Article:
On appeal, Fischer concedes that FCCM did not breach the written agreement. He argues, however, that the parties entered into a subsequent oral agreement that entitles him to payment. According to Fischer, both before and after the July 11, 1995 letter, Vallrugo assured him that after the hourly fee arrangement concluded, Fischer was to continue to market and service the Program in exchange for basis points for the life of the St. Francis and ServantCor bonds.
FCCM does not challenge Vallrugo's authority to bind it. Instead, it argues that the parol evidence rule bars Fischer from introducing evidence of the alleged oral agreement. But the parol evidence rule applies only to agreements made prior to or contemporaneous with the signing of a written contract; it does not bar evidence tending to show later modifications of the contract. Williams v. Jader Fuel Co., 944 F.2d 1388, 1394-95 (7th Cir.1991); see also Barille v. Sears Roebuck & Co., 289 Ill.App.3d 171, 224 Ill.Dec. 557, 682 N.E.2d 118, 123 (1997); Vuagniaux v. Korte, 273 Ill.App.3d 305, 210 Ill.Dec. 38, 652 N.E.2d 840, 844 (1995). That Vallrugo allegedly made the same promises to Fischer both before and after the execution of the written agreement does not render the subsequent assurances inadmissible. The facts as alleged by Fischer suggest merely that he and Vallrugo later resolved an issue left open by the Agreement.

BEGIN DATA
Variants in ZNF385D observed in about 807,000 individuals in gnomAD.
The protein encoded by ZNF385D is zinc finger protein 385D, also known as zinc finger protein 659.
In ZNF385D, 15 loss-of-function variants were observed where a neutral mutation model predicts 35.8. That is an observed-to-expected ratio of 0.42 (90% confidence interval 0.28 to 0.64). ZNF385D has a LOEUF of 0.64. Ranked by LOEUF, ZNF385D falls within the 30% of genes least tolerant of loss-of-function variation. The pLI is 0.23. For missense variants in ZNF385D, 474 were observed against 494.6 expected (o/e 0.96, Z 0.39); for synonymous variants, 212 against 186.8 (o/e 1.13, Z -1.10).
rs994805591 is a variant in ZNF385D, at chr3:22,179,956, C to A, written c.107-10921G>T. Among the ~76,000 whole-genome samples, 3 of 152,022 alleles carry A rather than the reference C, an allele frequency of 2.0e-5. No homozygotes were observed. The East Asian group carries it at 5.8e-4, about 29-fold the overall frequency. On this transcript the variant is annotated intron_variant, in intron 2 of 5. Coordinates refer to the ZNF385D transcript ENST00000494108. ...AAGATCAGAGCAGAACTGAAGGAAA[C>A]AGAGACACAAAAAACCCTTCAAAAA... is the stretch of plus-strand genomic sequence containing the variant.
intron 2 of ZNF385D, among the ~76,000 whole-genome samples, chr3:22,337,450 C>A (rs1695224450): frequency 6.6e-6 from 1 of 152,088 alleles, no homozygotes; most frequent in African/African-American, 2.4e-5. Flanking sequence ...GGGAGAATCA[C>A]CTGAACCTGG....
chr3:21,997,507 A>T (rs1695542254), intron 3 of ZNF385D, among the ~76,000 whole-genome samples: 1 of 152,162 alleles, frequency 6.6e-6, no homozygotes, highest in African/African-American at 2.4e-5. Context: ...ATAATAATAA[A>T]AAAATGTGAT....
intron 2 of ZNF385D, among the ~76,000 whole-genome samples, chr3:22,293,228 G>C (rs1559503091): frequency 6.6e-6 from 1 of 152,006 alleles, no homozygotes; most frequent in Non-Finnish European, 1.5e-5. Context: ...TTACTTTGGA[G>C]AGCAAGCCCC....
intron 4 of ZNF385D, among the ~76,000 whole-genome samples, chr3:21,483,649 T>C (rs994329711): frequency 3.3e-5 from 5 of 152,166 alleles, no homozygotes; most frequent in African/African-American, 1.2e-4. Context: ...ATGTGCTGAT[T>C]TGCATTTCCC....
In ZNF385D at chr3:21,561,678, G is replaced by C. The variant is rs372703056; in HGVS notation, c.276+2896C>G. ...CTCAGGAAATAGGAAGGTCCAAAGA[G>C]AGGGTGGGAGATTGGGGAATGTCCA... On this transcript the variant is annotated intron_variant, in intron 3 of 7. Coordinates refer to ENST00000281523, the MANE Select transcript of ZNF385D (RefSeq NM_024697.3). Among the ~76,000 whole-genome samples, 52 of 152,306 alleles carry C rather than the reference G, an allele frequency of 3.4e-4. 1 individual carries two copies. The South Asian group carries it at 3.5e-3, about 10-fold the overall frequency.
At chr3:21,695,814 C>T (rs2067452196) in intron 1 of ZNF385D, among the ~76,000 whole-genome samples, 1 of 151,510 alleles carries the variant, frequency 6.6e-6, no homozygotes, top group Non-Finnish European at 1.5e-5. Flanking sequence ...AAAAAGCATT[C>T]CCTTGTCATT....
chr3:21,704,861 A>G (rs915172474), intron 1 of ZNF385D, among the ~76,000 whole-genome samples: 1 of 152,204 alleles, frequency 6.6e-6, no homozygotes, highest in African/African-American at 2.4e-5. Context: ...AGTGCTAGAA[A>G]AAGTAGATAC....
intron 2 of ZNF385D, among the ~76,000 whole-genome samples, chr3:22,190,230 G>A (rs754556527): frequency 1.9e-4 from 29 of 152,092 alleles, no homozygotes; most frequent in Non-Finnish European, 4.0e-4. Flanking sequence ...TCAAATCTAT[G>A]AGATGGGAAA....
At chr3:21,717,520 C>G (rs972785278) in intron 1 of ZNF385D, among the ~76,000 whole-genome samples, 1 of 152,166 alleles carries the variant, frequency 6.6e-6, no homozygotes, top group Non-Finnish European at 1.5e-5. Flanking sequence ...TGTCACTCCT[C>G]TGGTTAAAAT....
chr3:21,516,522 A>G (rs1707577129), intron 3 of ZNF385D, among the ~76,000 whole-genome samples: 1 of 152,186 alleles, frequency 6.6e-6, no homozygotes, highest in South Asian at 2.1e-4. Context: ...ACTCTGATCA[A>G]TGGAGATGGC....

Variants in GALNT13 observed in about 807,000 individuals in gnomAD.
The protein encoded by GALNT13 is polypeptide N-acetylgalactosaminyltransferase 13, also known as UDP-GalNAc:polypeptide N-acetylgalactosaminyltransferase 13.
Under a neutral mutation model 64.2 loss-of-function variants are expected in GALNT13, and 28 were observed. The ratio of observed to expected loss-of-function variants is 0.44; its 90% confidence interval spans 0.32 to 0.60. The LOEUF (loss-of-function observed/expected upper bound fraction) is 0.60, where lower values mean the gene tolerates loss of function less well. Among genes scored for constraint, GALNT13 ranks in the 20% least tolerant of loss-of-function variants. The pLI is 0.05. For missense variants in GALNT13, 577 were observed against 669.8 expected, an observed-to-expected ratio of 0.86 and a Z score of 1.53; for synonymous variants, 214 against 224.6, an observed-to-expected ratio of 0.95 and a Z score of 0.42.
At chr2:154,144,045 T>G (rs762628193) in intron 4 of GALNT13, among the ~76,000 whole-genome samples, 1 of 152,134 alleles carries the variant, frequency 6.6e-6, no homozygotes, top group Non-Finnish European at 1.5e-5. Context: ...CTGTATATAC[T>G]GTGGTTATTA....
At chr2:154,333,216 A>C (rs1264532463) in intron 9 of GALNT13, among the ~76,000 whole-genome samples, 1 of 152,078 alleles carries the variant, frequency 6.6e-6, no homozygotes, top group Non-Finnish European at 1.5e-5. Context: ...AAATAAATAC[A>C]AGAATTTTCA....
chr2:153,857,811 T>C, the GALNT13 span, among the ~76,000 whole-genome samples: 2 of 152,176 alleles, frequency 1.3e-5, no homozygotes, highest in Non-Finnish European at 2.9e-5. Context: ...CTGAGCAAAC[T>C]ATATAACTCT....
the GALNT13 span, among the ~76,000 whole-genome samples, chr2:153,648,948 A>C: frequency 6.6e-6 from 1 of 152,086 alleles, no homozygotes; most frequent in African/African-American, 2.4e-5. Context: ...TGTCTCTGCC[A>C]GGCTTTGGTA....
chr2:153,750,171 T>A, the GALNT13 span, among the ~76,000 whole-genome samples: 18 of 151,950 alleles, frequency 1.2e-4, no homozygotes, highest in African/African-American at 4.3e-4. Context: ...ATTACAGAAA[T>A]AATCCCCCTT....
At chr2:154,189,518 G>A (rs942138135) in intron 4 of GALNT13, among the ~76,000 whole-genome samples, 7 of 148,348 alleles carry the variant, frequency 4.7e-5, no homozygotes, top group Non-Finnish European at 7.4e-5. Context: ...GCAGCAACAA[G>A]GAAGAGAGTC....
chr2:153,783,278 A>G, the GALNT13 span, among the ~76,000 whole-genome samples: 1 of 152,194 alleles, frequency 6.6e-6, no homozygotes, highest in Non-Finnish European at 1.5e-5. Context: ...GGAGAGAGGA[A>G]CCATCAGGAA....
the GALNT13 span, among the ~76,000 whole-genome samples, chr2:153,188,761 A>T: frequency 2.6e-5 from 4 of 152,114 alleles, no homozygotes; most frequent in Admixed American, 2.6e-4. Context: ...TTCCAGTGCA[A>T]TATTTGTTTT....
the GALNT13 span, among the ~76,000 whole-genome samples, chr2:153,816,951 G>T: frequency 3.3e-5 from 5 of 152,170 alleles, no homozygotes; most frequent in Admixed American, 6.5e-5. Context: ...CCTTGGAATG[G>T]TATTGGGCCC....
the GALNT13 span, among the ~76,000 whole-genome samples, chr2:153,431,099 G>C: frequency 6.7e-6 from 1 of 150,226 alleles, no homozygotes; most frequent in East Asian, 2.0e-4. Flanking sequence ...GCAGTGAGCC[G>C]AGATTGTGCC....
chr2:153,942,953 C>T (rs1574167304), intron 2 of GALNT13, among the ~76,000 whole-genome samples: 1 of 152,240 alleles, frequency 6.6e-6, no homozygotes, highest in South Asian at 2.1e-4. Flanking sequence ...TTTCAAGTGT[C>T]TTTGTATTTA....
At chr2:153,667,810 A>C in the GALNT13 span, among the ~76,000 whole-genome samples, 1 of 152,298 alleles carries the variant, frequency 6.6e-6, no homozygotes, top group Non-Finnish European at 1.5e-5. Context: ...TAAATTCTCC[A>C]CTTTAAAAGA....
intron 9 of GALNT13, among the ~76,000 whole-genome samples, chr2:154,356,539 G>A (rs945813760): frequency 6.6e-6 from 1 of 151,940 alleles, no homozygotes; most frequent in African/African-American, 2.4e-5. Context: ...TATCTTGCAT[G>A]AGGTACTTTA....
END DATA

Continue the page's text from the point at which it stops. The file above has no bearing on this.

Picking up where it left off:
Fischer has a significantly larger problem, however, in the form of the statute of frauds. Although the parol evidence rule does not prevent the parties from orally modifying their contract subsequent to its signing, the Illinois statute of frauds precludes enforcement of a services contract that cannot be performed within a year “unless the promise or agreement upon which such action shall be brought, or some memorandum or note thereof, shall be in writing, and signed by the party to be charged therewith.” 740 ILCS 80/1; see also Monetti, S.P.A. v. Anchor Hocking Corp., 931 F.2d 1178, 1180-81 (7th Cir.1991); Evans v. Fluor Distribution Companies, Inc., 799 F.2d 364, 365-66 (7th Cir.1986). Fischer alleges that the parties orally modified their contract to conform to the last paragraph of the July 11, 1995 letter. After that oral modification, the agreement provided for an “ongoing consulting relationship” under which FCCM was to pay Fischer an annual fee for the duration of the St. Francis and ServantCor bonds in exchange for continuing administrative services. Because the bonds will last 20 and 27 years, respectively, Fischer obviously cannot service these bonds within one year. He seeks to avoid this difficulty by arguing that FCCM may compensate him for 27 years' work within the first year by paying him the present value of what he would have earned over time. This solves only half the problem because regardless of whether FCCM can perform in one year, Fischer cannot.